Independent expert to review fibre-optic cable project – PM

-two years behind schedule

An independent third party expert has been requested to examine the project bringing the terrestrial fibre-optic cable from Brazil, Prime Minister Samuel Hinds has said.

Responding to questions posed by APNU parliamentarian Joseph Harmon in the National Assembly on the project and its Manager Alexei Ramotar, Hinds in a written response said that the Dense Wavelength Division Multiplex Long-Haul (DWDM) Fibre project is well within its budget and while it has an estimated cost of US$5 million, approximately US$600,000 still remains in the budget, he said.

“It should be noted that this project is using local labour and contractors. Since this is the first project of its kind for Guyana, it has encountered some challenges which were unknown, which have created delays,” he said in the response circulated in parliament on Monday.

“There was improper handling and installation of the fibre cables which has led to damage of some lengths of cable. In addition, road (wash-aways) and the building of the new 4-lane road on the EBD, as well as vandalism have significantly contributed to the delays of approximately two years in implementing this project,” the Prime Minister said.

The fibre optic project was one of those that former President of Guyana Bharrat Jagdeo hyped during the months in the run up to the 2011 general elections.

Hinds’ explanation to Harmon underlined that two distinct projects were encompassed in the question that he asked. The DWDM is separate from what is known as the E-Government Project. This project, Hinds said, aims to provide the necessary Information and Communication Technology so that government can provide better service to all Guyanese.

It encompasses the setting up of a fibre link between Moleson Creek, Corentyne; Georgetown; Parika, East Bank Essequibo and a fibre ring within Georgetown. A high speed microwave link will also be set up between Linden and Georgetown and will serve as a back up to the fibre network. This microwave network will be managed from the data centre in Georgetown which will serve as the repository for government information “allowing for more efficient access by government agencies, better security through a centralized command and control centre…” A cloud design is being employed for this. The project also entails a wireless access network catering for the connection of schools, community centres and other government agencies with smaller data needs.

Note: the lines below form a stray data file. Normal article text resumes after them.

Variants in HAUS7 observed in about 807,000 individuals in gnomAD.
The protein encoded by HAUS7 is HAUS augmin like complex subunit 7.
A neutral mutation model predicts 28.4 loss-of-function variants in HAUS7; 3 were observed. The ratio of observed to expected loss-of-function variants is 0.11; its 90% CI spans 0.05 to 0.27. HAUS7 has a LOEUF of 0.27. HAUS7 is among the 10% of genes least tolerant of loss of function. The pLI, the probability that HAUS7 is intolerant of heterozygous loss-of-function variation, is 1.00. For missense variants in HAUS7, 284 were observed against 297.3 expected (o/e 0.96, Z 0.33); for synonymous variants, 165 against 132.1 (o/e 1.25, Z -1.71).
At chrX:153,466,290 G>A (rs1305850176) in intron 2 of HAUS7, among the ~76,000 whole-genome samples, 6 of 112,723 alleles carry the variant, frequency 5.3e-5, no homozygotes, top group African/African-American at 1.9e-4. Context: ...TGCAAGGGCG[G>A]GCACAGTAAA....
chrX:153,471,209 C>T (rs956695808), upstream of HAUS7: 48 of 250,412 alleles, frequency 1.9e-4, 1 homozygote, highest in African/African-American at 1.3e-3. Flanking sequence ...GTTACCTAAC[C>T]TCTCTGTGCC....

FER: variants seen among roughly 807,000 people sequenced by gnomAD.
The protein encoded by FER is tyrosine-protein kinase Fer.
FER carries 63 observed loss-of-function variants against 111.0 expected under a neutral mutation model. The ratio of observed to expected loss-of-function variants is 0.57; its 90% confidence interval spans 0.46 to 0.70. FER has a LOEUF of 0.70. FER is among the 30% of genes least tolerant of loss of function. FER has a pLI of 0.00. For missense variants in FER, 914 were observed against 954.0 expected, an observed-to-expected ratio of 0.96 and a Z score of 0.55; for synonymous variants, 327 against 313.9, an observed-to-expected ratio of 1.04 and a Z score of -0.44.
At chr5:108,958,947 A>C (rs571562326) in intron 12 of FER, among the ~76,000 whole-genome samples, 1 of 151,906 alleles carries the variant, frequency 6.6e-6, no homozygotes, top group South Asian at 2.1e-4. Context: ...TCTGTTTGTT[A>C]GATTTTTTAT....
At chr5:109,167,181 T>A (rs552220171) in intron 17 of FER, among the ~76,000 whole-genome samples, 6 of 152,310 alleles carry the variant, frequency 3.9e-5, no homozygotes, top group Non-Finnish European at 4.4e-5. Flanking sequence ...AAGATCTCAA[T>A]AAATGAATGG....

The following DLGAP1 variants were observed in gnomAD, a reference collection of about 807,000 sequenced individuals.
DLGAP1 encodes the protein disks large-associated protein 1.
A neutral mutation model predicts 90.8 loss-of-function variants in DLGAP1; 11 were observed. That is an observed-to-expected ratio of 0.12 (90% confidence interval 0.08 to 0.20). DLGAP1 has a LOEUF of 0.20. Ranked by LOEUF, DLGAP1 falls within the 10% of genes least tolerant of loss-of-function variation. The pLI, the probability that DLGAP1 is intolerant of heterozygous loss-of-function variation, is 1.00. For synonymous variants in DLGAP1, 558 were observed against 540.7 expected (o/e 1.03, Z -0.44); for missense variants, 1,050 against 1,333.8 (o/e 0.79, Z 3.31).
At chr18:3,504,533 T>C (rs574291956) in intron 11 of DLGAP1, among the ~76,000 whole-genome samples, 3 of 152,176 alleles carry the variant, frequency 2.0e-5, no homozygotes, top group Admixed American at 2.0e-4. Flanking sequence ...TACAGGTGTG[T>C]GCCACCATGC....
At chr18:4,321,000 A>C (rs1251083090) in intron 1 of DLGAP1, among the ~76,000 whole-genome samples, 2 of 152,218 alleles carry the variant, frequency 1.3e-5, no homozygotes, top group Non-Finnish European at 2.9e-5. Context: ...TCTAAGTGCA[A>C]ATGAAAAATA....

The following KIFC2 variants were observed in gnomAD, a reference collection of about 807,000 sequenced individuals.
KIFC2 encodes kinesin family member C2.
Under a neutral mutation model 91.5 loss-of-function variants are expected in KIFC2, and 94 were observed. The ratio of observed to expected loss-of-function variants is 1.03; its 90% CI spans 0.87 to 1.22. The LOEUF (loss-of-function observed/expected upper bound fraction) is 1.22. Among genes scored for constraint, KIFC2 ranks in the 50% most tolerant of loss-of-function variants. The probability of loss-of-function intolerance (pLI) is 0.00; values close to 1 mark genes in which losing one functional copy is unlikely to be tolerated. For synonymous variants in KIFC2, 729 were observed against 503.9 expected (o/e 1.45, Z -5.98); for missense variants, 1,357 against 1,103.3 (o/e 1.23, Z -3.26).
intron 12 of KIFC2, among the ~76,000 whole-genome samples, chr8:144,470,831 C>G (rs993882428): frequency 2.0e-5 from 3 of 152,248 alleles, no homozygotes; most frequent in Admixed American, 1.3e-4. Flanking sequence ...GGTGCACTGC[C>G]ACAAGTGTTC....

Hinds asserted that this project has not had extensive delays. He said the project was to be completed in April 2014 but this has now been extended to August 2014 for a number of technical changes. This included switching from WiMax and EVDO networks to an LTE-Advanced network. The PM said that this change made in January 2012 allowed for a lower cost network. The savings were employed to shift from 30 WiMax/EVDO sites to 54 LTE-Advanced sites, thereby allowing better high speed coverage in the major populated areas. It also allowed the creation of a new site in Lethem and this caused a delay of about two months.

In October 2012 a redesign of the LTE tower foundation was done between the Ministry of Public Works representing the E-Government Project Unit and Huawei, the contractor. The redesign delayed the project by around one month. Additional delays arose from the difficulty in procuring piles and bad weather. The PM said that E-government project costs US$32m, is within budget and there are no expected cost overruns.

Referring to the DWDM, Hinds said that it had its genesis in 2007 when international communications to and from Guyana were disrupted for approximately three weeks. This project aims at a high capacity, high speed terrestrial fibre network linking up with a Brazilian fibre optic cable which is connected to the global network. There are repeater and add/drop sites which will ensure that the network can be extended as needs be.

Several local companies were contracted for this project: Cummings Electrical –installation of power, solar generator for DWDM sites; Dynamic Engineering – Georgetown to Wismar, fibre installation;  Dax Contracting Services – Wismar to Mabura, fibre installation; Bovell Construction – Mabura to Kurupukari, fibre installation; MMC – Kurupukari to Lethem, fibre installation.

On Ramotar’s qualifications, Hinds provided his CV and said he has a Masters in Computer Science from the University of Waterloo and a BSc in Computer Science (Distinction) from the University of Guyana and over a decade of work experience. Hinds noted that he was hired for the project in 2010 prior to his father’s run for presidential office. His gross salary is $650,000 per month.

He served as a network engineer at Guysuco from 2002 to 2007 and also worked at Digicel before moving to the Office of the President in 2009.


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